Tag: Sense of Belonging

Counting Life’s Numbers

Writing is my thing. Not arithmetic. It has never been my forte. Going way back to 8th grade, I was lost in algebra class. That precipitated a math do-over in 9th grade.

Nonetheless, I realize we live in a number-centric society. Keeping track of and understanding numbers allows us to measure progress or lack there of.

Of course, the most obvious and disheartening example these days is the accelerating number of COVID cases and deaths, thanks to the Delta variant and a disturbing number of Americans who are still unwilling to get vaccinated for their sake and those around them.

But that’s not what this post is about. I want to talk about the personal side of math–when you find yourself counting life’s numbers and celebrating the love, commitment, and longevity they represent.

Today marks 25 years since Tom and I met. In this ever-changing society, I’m proud of that significant number, though it pales when compared with the total our neighbors Mary and Earl have accumulated. They will celebrate their 55th wedding anniversary in October.

At any rate, Tom and I are thankful to be together for a quarter of a century. We’re escaping the summer heat of Scottsdale to spend a few cooler nights in a cozy B&B in Flagstaff, a mountain community we love.

We’re like a lot of gay couples in the sense that we remember and celebrate 2 anniversaries: the day (August 17, 1996) we met and the day (September 6, 2014) almost 7 years ago when we were married in an outdoor courtyard on a gorgeous late summer afternoon in Illinois, surrounded by 60 friends and family members.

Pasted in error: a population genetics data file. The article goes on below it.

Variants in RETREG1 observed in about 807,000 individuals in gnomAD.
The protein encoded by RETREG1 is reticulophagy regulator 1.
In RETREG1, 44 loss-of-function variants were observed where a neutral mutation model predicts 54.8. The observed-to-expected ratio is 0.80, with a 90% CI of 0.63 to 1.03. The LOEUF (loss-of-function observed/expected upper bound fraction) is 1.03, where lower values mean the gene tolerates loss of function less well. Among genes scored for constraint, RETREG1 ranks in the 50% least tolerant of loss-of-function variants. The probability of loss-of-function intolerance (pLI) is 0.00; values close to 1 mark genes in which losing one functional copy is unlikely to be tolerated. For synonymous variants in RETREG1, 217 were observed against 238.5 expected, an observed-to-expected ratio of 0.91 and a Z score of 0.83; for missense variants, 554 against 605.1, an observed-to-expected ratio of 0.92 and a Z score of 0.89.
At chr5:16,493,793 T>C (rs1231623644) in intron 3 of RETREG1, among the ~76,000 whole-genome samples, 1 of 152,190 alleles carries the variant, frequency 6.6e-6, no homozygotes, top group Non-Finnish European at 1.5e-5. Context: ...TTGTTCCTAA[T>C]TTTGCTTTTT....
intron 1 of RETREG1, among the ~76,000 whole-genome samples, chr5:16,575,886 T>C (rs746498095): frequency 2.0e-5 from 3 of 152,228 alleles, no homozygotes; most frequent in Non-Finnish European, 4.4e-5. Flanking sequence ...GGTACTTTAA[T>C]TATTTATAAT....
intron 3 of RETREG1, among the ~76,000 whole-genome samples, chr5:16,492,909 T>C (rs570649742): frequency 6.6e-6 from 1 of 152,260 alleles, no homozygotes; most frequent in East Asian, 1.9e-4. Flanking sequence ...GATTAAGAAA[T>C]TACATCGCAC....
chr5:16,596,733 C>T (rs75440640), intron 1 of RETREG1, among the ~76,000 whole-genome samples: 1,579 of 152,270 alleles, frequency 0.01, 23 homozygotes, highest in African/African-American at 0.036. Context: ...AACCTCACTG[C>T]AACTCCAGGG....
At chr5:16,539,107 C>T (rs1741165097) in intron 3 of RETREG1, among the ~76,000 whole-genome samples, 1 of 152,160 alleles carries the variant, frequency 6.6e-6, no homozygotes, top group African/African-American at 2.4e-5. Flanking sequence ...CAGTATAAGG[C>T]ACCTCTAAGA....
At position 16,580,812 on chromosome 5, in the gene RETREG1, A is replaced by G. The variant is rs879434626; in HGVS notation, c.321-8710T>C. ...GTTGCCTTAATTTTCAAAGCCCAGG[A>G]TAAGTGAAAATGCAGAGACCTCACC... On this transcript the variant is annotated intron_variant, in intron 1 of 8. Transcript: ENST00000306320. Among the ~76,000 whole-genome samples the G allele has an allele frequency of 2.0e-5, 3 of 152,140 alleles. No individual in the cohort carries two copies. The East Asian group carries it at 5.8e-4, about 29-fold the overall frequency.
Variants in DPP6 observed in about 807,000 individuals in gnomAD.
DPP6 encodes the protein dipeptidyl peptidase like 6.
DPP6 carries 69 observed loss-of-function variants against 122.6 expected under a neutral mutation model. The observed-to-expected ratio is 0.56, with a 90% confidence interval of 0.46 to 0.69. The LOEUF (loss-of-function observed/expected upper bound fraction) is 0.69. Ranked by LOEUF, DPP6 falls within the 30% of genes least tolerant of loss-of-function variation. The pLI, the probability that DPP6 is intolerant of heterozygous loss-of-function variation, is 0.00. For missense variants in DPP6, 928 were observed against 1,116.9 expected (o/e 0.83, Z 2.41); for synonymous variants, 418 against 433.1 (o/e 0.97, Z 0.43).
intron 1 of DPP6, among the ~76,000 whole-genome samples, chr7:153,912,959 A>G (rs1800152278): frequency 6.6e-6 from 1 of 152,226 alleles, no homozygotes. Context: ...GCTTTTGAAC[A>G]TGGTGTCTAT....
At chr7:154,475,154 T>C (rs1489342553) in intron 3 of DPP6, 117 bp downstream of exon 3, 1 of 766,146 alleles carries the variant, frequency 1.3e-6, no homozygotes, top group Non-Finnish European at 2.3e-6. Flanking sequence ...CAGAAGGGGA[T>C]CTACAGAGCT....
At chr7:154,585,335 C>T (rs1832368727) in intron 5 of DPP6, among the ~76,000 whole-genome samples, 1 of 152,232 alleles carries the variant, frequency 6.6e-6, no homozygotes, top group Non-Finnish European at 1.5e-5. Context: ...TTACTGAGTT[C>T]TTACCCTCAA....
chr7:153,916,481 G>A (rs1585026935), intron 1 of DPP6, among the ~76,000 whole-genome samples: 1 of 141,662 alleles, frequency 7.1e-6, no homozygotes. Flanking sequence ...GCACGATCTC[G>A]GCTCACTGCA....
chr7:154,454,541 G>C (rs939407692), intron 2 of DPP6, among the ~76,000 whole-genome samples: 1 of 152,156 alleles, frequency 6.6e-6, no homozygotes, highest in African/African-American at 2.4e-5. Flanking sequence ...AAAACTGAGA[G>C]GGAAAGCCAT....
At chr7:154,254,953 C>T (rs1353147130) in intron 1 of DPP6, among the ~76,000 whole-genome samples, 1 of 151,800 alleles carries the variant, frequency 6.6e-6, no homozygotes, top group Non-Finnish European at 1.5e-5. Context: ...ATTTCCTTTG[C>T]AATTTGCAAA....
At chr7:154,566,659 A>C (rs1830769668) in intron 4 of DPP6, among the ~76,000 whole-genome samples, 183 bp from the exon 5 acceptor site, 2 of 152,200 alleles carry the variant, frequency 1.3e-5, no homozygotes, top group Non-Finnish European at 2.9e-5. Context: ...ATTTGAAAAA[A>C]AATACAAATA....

In 1996, we didn’t imagine it would ever be legal in the United States for same-sex couples to marry and receive equal rights to those of straight ones. The idea of marriage equality was barely a whisper. Less than 2 decades later it became a reality thanks to a movement we fully endorsed … proof of an astonishing, positive shift supported by a majority of American people.

In the time since Tom and I met at a northwest suburban Chicago gay bar, we have emerged from a hidden life to an open one. Along the way, we have counted life’s numbers.

Collectively, in the past 25 years we have: raised and counseled my 2 boys into adulthood; loved and lost 1 adorable basset hound and 1 crafty cockatiel; cared for and buried 3 of our parents; endured 36 years in the workforce; vacationed in 4 European countries (Italy, Ireland, Germany, and Austria) and 10 or 12 American states; watched our favorite baseball teams win 3 World Series (2 for my St. Louis Cardinals in 2006 and 2011; 1 for Tom’s Chicago Cubs in 2016); written and published 5 books; and survived 1 mild heart attack during 1 cross-country move. As I write this, we continue to navigate our way through 1 global pandemic that won’t end.

Of course, the glue that keeps our relationship going isn’t really about the numbers. It’s in the love and laughter we share, the relationships we’ve formed with friends and neighbors, the hundreds of movies we’ve watched together, the countless Scrabble games we’ve played over coffee, the unexpected hospital visits we’ve negotiated, the quieter moments reading and writing we protect; and the sense of day-in-day-out respect, comfort, and security we provide one another.